Article by Athens Insider
In this time, the opera house has emerged from the side-lines of musical theatre to become one of the world’s most exciting and creative, commissioning more original compositions than almost any other. Looking at it now, sitting in its €617m Renzo Piano designed home looking out over the bay of Faliro in Athens, it’s hard to believe that for most of its 82 years, the Greek National Opera was scraping by in rented accommodation. The GNO is the Pygmalion story of European culture, declares Phoebe Greenwood.
“Until 2017, we rented a much smaller theatre in the centre of Athens – not a real headquarters of a national opera house. There has been a quantitative and qualitative revolution since then,” Alexandros Efklidis tells Athens Insider.
“Music theatre needs expertise; it needs money and [with these things] we’ve developed a lot. We’re very happy that this year we have four or five newly commissioned musicals in the alternative stage, and big productions, instead of the 100th repetition of the Phantom of the Opera. Instead of miserable replica productions we have created new fields.”
The GNO now has two musical theatre stages fitted with state of the art technology, the main stage and the alternative stage. Here, Greek musical theatre has been supported to take risks, innovate and thrive.
“Our main goal was to develop creativity in contemporary music theatre by commissioning lots of new pieces by composers, trying to make our program and our actions relevant to the social reality surrounding us. We developed lots of projects for under privileged people, for refugees, for elderly people,” Efklidis explains.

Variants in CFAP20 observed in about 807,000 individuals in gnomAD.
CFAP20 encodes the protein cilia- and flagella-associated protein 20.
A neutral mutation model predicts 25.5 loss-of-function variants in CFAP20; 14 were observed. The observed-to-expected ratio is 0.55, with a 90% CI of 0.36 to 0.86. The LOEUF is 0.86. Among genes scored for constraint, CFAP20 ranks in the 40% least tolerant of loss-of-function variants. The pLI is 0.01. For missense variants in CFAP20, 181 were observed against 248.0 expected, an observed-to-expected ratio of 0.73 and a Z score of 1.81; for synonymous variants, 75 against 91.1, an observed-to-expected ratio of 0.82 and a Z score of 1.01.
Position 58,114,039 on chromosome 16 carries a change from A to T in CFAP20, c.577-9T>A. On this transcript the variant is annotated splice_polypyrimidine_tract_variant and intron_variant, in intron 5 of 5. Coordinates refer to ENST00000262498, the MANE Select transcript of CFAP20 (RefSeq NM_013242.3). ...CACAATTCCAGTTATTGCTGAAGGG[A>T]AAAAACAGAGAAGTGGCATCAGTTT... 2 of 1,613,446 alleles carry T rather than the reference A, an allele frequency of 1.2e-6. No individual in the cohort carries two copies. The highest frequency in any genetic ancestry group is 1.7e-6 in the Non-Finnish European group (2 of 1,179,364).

The two main productions performed on the alternative stage this season are the contemporary opera Strella, and Panayotis Kalantzopoulos’ musical Cheap Smokes.
Strella, a chamber opera from up and coming Greek composer Michalis Paraskakis, is based on the film of the same title (known in English as A Woman’s Way) that caused a sensation when it was released in 2009, telling the story of a trans sex worker and her difficult reunion with her father.
Both are new commissions by the GNO, and both deal with modern Greek subject matters in Greek. This is important to Efklidis, who sees the GNO as having a social and educational responsibility as well as a creative one.
“Of course opera is disconnected form society in general. This is a problem of all opera houses, that the audience they are addressing is mainly of the higher classes. But especially in a country like Greece this reality is even more rooted in stereotypes,” he says.
“Commissioning new music theatre pieces in Greek is important when it comes to connecting the opera with an audience that tends to believe this is unrelated to themselves. We know that in Greek society we have a special symbolic weight, so we try to use this.”
But like any great conservatoire, the GNO offers classics as well as innovation; conservative audiences are as important as new ones. So alongside bold new productions set to be performed on the main stage this year – including Andrei, an original opera by Dimitra Trypani on the filmmaker Andrei Tarkovsky – it will also host productions of Madam Butterfly, Don Quixote and Don Giovanni.
“Our idea here is not to specialise in something not to do one thing only not to develop one audience. We have the possibility now to be part of bigger international productions, to work in international networks with important partners,” Efklidis says.
“But of course as we are not a highly subsidised opera, we have a very low subsidy compared to other central European opera houses while at the same time being as big as normal opera houses. The box office is very important for our financial health.”
The 2022-2023 season started in September and runs all the way through to July.
Tickets are available at the GNO Box Office and online via ticketservices.gr/en